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Why do financial inclusion policies fail in mobilizing savings from the poor ? Lessons from rural South India

Jann Goedecke, Isabelle Guérin, Bert D 'Espallier and Govindan Venkatasubramanian ()
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Jann Goedecke: Kristianstad University - Kristianstad University, KU Leuven - Catholic University of Leuven = Katholieke Universiteit Leuven
Bert D 'Espallier: KU Leuven - Catholic University of Leuven = Katholieke Universiteit Leuven
Govindan Venkatasubramanian: IFP - Institut Français de Pondichéry - MEAE - Ministère de l'Europe et des Affaires étrangères - CNRS - Centre National de la Recherche Scientifique

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Abstract: Combining multivariate and qualitative analyses, this micro-level study suggests anexplanation for the persistence of informal savings in rural South India despite publicly runlarge-scale programs to promote bank savings. Notably gold, but also ROSCAs and privatelending, remain dominant forms of saving. We argue that cultural norms and social institutionssuch as social class and caste shape the nature, the propensity but also the opportunities to save.Gold serves multiple purposes, which are financial, economical, socio-cultural, and political.Furthermore, we find that Dalits' (the lowest caste) preference for gold illustrates a relativeemancipation of Dalits combined with the maintenance of prohibition related to caste whichprevents them to invest in other assets such as land.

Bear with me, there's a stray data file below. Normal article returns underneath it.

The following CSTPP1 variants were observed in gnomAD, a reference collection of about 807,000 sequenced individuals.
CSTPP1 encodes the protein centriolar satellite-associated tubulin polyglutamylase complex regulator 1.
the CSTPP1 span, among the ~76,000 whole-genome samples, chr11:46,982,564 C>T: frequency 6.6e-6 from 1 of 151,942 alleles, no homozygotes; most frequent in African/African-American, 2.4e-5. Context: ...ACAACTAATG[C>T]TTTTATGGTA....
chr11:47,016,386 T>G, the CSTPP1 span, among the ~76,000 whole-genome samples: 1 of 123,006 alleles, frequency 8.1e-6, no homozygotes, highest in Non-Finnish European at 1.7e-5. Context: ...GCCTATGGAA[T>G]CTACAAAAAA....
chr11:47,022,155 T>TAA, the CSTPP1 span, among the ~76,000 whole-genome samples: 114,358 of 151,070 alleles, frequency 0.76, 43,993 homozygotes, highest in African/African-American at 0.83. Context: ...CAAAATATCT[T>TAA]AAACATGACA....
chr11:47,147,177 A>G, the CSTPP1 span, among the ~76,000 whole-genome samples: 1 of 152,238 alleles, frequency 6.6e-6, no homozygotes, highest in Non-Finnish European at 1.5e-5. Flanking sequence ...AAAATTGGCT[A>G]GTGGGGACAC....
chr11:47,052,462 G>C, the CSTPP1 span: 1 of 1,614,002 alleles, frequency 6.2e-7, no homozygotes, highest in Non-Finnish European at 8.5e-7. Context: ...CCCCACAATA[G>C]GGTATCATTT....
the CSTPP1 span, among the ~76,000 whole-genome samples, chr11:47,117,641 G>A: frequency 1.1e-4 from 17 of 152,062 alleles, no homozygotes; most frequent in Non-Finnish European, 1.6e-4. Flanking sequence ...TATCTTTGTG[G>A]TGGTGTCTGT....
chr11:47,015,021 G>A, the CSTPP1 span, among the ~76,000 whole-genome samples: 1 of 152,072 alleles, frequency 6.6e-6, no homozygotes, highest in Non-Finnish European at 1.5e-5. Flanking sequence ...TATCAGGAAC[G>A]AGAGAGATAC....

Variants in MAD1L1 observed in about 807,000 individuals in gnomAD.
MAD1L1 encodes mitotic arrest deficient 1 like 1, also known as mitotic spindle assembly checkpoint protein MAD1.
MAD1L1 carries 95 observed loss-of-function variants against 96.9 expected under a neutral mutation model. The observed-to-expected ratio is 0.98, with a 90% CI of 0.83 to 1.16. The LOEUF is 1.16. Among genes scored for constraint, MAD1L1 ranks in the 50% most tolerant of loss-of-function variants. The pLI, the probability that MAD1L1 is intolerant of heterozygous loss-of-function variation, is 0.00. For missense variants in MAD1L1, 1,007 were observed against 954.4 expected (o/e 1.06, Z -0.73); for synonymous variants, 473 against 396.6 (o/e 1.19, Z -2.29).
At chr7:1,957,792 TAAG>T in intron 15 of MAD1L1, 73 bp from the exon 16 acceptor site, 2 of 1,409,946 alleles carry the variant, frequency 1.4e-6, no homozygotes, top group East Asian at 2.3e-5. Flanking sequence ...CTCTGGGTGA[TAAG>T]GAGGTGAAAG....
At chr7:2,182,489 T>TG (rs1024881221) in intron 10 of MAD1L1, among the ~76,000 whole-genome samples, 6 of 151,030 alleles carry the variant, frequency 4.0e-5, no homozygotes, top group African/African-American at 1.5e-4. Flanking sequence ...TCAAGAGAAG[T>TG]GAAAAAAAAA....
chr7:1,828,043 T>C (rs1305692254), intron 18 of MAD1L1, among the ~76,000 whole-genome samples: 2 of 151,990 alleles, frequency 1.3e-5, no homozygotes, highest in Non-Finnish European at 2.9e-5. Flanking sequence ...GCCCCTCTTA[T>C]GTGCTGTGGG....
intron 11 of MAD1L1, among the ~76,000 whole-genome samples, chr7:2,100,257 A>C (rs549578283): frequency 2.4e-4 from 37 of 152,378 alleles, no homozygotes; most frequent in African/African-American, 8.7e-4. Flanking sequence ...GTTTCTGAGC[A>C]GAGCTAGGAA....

Keywords: economic anthropology; financial inclusion; informal saving; India; political economy; banks; microfinance (search for similar items in EconPapers)
Date: 2018
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Published in Development Policy Review, 2018, 36, pp.O201-O219. ⟨10.1111/dpr.12272⟩

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DOI: 10.1111/dpr.12272

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